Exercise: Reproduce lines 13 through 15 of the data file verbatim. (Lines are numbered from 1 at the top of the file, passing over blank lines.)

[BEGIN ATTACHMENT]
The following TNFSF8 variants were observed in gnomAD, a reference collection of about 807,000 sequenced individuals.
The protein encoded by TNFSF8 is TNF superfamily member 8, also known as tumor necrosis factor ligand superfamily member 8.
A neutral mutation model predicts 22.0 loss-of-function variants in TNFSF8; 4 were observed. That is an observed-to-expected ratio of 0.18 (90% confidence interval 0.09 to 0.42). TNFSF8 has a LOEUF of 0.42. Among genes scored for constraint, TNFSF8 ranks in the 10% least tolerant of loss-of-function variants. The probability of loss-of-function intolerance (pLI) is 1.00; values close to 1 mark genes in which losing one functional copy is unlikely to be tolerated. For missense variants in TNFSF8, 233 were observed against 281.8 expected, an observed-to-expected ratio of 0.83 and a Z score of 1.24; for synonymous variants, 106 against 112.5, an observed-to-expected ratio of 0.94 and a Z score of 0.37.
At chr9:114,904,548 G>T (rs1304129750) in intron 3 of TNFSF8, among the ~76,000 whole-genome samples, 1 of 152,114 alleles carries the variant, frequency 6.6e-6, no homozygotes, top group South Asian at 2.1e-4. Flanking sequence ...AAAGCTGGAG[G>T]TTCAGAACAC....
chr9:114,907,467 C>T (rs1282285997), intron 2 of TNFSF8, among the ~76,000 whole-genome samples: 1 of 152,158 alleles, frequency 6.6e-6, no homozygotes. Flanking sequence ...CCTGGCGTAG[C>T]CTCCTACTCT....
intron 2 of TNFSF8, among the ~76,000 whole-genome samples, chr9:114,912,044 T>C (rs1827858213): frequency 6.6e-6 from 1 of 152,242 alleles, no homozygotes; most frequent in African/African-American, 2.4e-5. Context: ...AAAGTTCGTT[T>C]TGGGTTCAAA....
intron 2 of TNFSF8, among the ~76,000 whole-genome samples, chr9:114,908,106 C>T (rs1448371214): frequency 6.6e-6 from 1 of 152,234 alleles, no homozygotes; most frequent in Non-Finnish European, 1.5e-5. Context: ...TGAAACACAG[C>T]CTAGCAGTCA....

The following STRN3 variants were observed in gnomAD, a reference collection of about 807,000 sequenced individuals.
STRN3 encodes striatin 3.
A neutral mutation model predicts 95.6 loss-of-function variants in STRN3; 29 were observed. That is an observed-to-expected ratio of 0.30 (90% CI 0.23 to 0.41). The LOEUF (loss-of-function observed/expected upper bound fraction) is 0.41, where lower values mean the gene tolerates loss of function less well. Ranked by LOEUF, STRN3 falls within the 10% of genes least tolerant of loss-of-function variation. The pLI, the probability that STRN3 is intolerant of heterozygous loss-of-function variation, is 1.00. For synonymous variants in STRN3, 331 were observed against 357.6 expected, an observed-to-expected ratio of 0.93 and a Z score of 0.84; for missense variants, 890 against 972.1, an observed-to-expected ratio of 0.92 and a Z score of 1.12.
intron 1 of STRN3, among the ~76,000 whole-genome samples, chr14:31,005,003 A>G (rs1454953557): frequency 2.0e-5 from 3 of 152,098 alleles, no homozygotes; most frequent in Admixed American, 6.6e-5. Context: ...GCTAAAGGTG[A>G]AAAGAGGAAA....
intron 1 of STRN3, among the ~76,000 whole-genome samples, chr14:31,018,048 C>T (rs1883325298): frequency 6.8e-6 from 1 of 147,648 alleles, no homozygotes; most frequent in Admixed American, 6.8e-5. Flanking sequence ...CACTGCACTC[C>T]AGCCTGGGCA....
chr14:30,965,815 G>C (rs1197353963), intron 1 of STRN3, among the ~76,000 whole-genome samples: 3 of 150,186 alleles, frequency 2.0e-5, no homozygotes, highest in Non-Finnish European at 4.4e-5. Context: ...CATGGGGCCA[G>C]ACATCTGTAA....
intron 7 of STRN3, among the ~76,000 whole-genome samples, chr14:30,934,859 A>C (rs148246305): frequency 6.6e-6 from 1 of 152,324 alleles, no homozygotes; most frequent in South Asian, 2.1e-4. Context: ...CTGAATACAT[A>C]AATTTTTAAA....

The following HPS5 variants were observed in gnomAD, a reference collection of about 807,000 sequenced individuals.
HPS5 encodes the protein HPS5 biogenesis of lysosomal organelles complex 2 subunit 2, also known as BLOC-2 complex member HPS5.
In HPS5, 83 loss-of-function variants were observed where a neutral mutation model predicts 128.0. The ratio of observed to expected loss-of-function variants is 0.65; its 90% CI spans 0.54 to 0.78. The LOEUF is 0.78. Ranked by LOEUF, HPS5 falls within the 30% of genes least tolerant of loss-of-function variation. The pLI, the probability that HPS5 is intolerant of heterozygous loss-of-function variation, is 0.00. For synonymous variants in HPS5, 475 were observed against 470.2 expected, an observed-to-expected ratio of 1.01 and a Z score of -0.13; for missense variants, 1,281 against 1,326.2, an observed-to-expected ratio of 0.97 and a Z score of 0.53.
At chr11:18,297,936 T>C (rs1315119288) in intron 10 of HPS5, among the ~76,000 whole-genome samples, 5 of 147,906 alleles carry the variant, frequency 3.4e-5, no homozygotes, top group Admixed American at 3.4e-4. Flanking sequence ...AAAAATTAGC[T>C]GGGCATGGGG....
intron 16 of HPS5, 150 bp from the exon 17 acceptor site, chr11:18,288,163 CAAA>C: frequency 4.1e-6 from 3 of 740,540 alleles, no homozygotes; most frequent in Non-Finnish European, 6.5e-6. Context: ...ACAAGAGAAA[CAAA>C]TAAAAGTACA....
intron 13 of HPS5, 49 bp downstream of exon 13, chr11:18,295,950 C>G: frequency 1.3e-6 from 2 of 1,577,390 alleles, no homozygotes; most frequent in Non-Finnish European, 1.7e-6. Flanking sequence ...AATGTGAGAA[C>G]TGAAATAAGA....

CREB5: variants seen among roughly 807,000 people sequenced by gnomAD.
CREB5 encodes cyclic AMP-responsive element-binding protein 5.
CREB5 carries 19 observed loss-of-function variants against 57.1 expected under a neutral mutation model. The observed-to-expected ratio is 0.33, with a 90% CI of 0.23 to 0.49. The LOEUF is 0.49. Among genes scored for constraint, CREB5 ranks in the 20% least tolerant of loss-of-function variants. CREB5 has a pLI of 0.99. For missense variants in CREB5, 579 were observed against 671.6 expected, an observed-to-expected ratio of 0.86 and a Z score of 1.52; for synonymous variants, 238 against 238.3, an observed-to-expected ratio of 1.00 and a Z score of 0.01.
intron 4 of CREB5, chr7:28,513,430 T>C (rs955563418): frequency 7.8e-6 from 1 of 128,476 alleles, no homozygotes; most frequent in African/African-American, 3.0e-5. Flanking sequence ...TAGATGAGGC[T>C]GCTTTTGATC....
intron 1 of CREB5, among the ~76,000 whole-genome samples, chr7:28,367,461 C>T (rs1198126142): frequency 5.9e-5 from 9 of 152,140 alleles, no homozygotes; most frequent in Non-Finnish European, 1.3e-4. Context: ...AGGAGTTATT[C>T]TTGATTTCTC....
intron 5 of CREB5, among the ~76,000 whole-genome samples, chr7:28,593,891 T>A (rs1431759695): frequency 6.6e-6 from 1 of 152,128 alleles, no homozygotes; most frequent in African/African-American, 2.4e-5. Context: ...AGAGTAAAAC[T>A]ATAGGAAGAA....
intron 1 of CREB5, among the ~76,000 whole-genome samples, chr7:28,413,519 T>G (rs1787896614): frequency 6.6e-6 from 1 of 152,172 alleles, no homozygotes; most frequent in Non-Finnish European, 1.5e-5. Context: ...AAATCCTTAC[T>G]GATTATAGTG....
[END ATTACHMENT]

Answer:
chr14:30,965,815 G>C (rs1197353963), intron 1 of STRN3, among the ~76,000 whole-genome samples: 3 of 150,186 alleles, frequency 2.0e-5, no homozygotes, highest in Non-Finnish European at 4.4e-5. Context: ...CATGGGGCCA[G>C]ACATCTGTAA....
intron 7 of STRN3, among the ~76,000 whole-genome samples, chr14:30,934,859 A>C (rs148246305): frequency 6.6e-6 from 1 of 152,324 alleles, no homozygotes; most frequent in South Asian, 2.1e-4. Context: ...CTGAATACAT[A>C]AATTTTTAAA....

The following HPS5 variants were observed in gnomAD, a reference collection of about 807,000 sequenced individuals.